The Philippines have had a habit of electing macho populists since electoral democracy was restored in 1986. This chapter investigates this phenomenon by focusing on the micro political foundations of populism in the Philippines and how populism descends into authoritarian practice. Drawing on sociological and media studies literature, the authors argue that populism is not a unilinear relationship where a populist leader such as Rodrigo Duterte commands the loyalty of a naïve constituency but one that is dynamic and reciprocally constructed in micropolitical and often overlooked ways. This essay outlines that populism in the Philippines is constituted by everyday demands of compassion over competence, indistinction between entertainment and politics, and the politicization of latent anxieties. By understanding the micro politics of populism, the chapter demonstrates how populist performances can result in legitimizing authoritarian practices and corroding democratic cultures.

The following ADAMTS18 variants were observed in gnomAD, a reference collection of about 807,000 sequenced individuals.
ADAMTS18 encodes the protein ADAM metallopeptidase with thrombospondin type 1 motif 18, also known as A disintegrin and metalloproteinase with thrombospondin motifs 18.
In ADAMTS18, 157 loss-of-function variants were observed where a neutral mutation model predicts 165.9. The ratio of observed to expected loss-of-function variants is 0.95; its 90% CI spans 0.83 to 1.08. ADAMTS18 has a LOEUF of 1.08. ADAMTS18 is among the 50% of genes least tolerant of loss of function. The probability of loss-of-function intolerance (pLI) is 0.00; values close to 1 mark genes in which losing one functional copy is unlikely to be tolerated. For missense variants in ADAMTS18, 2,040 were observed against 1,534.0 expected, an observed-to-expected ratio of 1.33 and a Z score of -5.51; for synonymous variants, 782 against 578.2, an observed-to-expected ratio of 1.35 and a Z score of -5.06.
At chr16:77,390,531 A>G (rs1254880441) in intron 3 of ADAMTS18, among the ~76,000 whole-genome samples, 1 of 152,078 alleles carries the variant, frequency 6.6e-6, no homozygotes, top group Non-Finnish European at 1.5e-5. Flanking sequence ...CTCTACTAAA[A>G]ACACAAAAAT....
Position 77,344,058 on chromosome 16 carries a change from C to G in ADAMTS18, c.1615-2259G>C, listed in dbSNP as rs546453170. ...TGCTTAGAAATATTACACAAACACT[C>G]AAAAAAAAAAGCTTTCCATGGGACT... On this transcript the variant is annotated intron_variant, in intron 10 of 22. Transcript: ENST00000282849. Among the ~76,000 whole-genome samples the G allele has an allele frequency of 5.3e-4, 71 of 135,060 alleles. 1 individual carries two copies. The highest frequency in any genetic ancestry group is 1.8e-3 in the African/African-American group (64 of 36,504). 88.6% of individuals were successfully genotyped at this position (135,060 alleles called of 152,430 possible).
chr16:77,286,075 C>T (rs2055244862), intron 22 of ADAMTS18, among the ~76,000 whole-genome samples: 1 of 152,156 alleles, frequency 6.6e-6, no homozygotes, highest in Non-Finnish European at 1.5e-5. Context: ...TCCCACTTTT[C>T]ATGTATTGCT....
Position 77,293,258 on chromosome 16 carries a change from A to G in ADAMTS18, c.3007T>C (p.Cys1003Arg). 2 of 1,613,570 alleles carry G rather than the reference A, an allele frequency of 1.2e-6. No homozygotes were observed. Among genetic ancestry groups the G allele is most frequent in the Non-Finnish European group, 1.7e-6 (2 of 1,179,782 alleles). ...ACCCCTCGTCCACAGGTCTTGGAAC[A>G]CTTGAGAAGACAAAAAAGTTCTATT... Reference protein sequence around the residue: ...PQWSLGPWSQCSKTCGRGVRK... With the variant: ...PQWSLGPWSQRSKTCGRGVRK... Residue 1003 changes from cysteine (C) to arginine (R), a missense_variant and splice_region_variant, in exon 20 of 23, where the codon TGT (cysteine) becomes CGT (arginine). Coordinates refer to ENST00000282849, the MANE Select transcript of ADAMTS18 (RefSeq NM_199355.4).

|Title of host publication||Dictators and Autocrats|
|Subtitle of host publication||Securing Power across Global Politics|
|Place of Publication||United Kingdom|
|Number of pages||15|
|Publication status||Published - 2021|